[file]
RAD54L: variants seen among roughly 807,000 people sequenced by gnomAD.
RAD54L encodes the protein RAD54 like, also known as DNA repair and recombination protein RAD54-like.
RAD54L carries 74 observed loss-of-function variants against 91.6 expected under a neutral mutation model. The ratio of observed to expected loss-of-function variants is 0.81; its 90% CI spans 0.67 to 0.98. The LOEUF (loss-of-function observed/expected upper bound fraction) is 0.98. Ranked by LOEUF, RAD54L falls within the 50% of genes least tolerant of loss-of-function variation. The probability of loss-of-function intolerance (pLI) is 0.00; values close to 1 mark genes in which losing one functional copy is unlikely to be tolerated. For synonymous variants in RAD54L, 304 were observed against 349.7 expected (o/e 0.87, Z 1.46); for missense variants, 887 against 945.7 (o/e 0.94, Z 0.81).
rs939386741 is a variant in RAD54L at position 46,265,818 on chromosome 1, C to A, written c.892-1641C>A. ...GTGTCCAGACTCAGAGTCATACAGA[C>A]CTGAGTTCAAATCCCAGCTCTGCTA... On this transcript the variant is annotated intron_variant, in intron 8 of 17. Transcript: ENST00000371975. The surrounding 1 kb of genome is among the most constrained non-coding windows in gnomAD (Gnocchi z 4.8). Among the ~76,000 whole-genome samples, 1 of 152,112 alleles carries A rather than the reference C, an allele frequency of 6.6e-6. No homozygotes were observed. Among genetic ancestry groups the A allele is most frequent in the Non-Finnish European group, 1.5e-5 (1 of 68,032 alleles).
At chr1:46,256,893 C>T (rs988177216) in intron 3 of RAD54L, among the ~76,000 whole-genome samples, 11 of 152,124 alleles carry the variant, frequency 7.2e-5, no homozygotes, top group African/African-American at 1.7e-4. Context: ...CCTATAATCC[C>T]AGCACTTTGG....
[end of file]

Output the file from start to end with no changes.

RAD54L: variants seen among roughly 807,000 people sequenced by gnomAD.
RAD54L encodes the protein RAD54 like, also known as DNA repair and recombination protein RAD54-like.
RAD54L carries 74 observed loss-of-function variants against 91.6 expected under a neutral mutation model. The ratio of observed to expected loss-of-function variants is 0.81; its 90% CI spans 0.67 to 0.98. The LOEUF (loss-of-function observed/expected upper bound fraction) is 0.98. Ranked by LOEUF, RAD54L falls within the 50% of genes least tolerant of loss-of-function variation. The probability of loss-of-function intolerance (pLI) is 0.00; values close to 1 mark genes in which losing one functional copy is unlikely to be tolerated. For synonymous variants in RAD54L, 304 were observed against 349.7 expected (o/e 0.87, Z 1.46); for missense variants, 887 against 945.7 (o/e 0.94, Z 0.81).
rs939386741 is a variant in RAD54L at position 46,265,818 on chromosome 1, C to A, written c.892-1641C>A. ...GTGTCCAGACTCAGAGTCATACAGA[C>A]CTGAGTTCAAATCCCAGCTCTGCTA... On this transcript the variant is annotated intron_variant, in intron 8 of 17. Transcript: ENST00000371975. The surrounding 1 kb of genome is among the most constrained non-coding windows in gnomAD (Gnocchi z 4.8). Among the ~76,000 whole-genome samples, 1 of 152,112 alleles carries A rather than the reference C, an allele frequency of 6.6e-6. No homozygotes were observed. Among genetic ancestry groups the A allele is most frequent in the Non-Finnish European group, 1.5e-5 (1 of 68,032 alleles).
At chr1:46,256,893 C>T (rs988177216) in intron 3 of RAD54L, among the ~76,000 whole-genome samples, 11 of 152,124 alleles carry the variant, frequency 7.2e-5, no homozygotes, top group African/African-American at 1.7e-4. Context: ...CCTATAATCC[C>T]AGCACTTTGG....